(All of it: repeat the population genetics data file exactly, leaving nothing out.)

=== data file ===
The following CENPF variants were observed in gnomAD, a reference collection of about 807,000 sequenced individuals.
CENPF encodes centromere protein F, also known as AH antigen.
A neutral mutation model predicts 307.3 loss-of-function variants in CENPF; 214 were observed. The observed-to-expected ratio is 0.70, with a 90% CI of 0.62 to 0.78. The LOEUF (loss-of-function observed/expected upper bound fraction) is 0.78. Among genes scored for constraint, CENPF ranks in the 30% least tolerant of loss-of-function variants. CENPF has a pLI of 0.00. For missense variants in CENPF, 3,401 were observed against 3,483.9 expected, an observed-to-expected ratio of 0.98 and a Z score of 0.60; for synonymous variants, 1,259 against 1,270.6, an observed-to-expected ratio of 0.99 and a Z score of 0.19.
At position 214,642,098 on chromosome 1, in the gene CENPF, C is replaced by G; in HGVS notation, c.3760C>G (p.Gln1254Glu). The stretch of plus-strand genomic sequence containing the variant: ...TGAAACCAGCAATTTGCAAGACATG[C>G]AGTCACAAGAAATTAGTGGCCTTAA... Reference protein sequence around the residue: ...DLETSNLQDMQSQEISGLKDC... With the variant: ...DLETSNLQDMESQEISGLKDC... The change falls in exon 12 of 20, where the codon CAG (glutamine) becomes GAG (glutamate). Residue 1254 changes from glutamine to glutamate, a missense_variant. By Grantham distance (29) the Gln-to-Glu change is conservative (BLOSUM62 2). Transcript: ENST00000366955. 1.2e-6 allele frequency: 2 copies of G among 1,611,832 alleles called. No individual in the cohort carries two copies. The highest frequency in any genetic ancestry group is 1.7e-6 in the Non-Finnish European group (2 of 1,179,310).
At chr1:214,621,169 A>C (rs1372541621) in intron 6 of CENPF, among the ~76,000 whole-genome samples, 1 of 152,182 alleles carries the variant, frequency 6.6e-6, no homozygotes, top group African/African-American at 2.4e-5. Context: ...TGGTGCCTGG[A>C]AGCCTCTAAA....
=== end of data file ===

The following CENPF variants were observed in gnomAD, a reference collection of about 807,000 sequenced individuals.
CENPF encodes centromere protein F, also known as AH antigen.
A neutral mutation model predicts 307.3 loss-of-function variants in CENPF; 214 were observed. The observed-to-expected ratio is 0.70, with a 90% CI of 0.62 to 0.78. The LOEUF (loss-of-function observed/expected upper bound fraction) is 0.78. Among genes scored for constraint, CENPF ranks in the 30% least tolerant of loss-of-function variants. CENPF has a pLI of 0.00. For missense variants in CENPF, 3,401 were observed against 3,483.9 expected, an observed-to-expected ratio of 0.98 and a Z score of 0.60; for synonymous variants, 1,259 against 1,270.6, an observed-to-expected ratio of 0.99 and a Z score of 0.19.
At position 214,642,098 on chromosome 1, in the gene CENPF, C is replaced by G; in HGVS notation, c.3760C>G (p.Gln1254Glu). The stretch of plus-strand genomic sequence containing the variant: ...TGAAACCAGCAATTTGCAAGACATG[C>G]AGTCACAAGAAATTAGTGGCCTTAA... Reference protein sequence around the residue: ...DLETSNLQDMQSQEISGLKDC... With the variant: ...DLETSNLQDMESQEISGLKDC... The change falls in exon 12 of 20, where the codon CAG (glutamine) becomes GAG (glutamate). Residue 1254 changes from glutamine to glutamate, a missense_variant. By Grantham distance (29) the Gln-to-Glu change is conservative (BLOSUM62 2). Transcript: ENST00000366955. 1.2e-6 allele frequency: 2 copies of G among 1,611,832 alleles called. No individual in the cohort carries two copies. The highest frequency in any genetic ancestry group is 1.7e-6 in the Non-Finnish European group (2 of 1,179,310).
At chr1:214,621,169 A>C (rs1372541621) in intron 6 of CENPF, among the ~76,000 whole-genome samples, 1 of 152,182 alleles carries the variant, frequency 6.6e-6, no homozygotes, top group African/African-American at 2.4e-5. Context: ...TGGTGCCTGG[A>C]AGCCTCTAAA....